When Children with ADHD Attend School from Home: An Expert’s Tips

After the first week with everyone at home, parents of children with ADHD may be thinking that this could be even more challenging than they thought.

While schools are scrambling to finalize online curriculum plans, Maggie Sibley, PhD, a member of CHADD’s professional advisory board, offers a few ways parents can help set up their children for success and transform their home into a school environment.

1) Behavior management is more helpful than brain breaks. When it comes to middle and high schoolers with ADHD, parents will need to help their kids sustain motivation and attention vs. preventing burnout (which is where brain breaks come in in classrooms). Getting them engaged to begin with is what is going to be most challenging at home.

2) Antecedent control is key. Picking the right place and time, and how to remove distractions from the environment, is important to consider for success.

3) Contingency management is something to map out. It’s important to let kids use electronics for fun only if they have completed all of their academic tasks for the day. Parents will need to also understand how they can monitor student performance consistently.

4) Set meaningful daily work goals. Help your teens plan out their work in advance—before they get started—by using time management strategies. Also, dividing the work into small pieces can be helpful while making sure they know what is expected of them, what the plan is, and then monitoring whether it’s completed.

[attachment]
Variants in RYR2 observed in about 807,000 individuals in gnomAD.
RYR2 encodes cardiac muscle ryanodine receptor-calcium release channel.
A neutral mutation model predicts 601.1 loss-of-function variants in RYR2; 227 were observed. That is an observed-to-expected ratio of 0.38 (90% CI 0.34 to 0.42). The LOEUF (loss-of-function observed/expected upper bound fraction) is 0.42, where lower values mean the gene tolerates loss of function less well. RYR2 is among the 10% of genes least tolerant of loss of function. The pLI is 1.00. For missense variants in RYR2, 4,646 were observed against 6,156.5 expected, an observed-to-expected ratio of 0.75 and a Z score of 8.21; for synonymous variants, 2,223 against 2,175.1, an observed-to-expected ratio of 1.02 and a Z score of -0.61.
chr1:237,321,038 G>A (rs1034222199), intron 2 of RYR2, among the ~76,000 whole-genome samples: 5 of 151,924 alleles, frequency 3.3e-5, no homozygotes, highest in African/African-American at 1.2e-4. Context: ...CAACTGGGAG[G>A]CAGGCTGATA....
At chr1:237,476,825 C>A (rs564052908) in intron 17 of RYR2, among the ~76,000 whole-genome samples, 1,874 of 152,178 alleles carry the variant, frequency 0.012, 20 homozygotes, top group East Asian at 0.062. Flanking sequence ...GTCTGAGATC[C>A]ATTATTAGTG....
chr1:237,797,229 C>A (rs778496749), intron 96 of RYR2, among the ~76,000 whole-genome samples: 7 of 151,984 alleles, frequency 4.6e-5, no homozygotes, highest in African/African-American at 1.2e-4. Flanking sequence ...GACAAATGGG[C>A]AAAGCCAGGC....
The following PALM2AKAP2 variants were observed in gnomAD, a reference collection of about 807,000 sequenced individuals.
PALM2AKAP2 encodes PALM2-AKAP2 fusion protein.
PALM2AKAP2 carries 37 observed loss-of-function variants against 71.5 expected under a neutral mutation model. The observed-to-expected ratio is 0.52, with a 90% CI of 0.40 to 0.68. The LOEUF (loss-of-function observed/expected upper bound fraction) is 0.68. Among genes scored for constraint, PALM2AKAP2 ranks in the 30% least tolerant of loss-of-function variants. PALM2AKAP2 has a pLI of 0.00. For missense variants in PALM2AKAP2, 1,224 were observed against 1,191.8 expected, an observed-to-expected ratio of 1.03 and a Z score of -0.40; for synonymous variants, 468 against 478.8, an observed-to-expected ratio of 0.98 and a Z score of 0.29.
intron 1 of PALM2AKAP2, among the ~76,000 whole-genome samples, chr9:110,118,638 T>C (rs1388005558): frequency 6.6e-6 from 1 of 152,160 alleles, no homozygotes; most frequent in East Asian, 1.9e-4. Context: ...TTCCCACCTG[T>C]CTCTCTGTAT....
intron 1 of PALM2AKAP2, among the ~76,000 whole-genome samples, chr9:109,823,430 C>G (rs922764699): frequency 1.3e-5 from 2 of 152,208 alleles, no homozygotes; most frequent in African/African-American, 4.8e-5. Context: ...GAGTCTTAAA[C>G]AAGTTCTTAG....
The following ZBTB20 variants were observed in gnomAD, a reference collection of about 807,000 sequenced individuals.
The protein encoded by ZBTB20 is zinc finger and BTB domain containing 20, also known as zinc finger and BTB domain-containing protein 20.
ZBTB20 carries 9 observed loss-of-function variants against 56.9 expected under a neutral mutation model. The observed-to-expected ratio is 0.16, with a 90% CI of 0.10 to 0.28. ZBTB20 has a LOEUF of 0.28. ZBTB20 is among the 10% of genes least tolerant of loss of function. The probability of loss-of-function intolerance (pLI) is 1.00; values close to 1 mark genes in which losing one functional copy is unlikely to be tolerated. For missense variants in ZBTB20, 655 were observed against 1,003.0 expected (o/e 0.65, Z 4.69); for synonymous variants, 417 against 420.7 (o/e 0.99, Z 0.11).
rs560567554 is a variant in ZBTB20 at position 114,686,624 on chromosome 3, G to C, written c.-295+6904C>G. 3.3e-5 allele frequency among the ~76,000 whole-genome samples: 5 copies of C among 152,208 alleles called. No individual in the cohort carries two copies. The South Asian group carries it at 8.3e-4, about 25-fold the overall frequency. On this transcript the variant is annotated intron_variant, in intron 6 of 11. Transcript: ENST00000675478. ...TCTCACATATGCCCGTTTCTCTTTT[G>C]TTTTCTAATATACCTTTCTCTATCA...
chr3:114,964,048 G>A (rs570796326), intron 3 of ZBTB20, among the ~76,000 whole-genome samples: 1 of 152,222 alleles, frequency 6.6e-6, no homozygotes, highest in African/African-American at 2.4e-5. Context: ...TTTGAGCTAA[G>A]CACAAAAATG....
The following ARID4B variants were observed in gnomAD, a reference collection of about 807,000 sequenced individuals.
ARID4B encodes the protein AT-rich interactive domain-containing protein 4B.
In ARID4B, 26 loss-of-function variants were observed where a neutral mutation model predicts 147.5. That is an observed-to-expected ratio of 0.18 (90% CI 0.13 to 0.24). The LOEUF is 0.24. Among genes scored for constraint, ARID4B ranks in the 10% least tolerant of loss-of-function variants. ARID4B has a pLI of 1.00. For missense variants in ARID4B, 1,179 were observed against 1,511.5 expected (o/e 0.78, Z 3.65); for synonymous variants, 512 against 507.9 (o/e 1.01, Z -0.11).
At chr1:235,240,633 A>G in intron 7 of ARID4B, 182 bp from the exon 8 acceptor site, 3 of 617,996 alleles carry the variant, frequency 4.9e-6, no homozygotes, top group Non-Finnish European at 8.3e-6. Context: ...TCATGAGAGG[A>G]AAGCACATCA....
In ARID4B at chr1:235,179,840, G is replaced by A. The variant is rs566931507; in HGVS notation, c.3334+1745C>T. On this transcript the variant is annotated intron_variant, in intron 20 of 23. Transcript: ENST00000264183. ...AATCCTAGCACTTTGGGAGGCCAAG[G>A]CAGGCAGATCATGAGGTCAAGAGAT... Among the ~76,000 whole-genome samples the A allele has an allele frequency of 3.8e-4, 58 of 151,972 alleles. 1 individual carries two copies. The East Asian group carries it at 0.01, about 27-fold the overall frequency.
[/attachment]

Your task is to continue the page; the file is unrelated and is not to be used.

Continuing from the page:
5) Be mindful of how you interact with your teen. It’s important to recognize them for being on-task and getting work done. Refraining from micromanaging and taking over for them—which can be a temptation for a lot of parents—is important, as well as not giving attention to attempts to get out of work.

Dr. Sibley’s tips also appeared in the Washington Post last week, along with links to CHADD resources that would be helpful for parents who find themselves suddenly homeschooling.

Would you like to hear more tips from Dr. Sibley? Listen to our All Things ADHD podcast, Guidance for Uncertain Times: Tips for Creating an ADHD-Friendly Home Environment.





Margaret (Maggie) Sibley, PhD, is a clinical psychologist and researcher at the University of Washington and Seattle Children’s Hospital. She also has an adjunct appointment at Florida International University, Herbert Wertheim College of Medicine. She studies executive functioning, motivation, and attention problems in adolescents and young adults. She is the author of Parent-Teen Therapy for Executive Function Deficits and ADHD: Building Skills and Motivation. Dr. Sibley is a member of CHADD’s professional advisory board.

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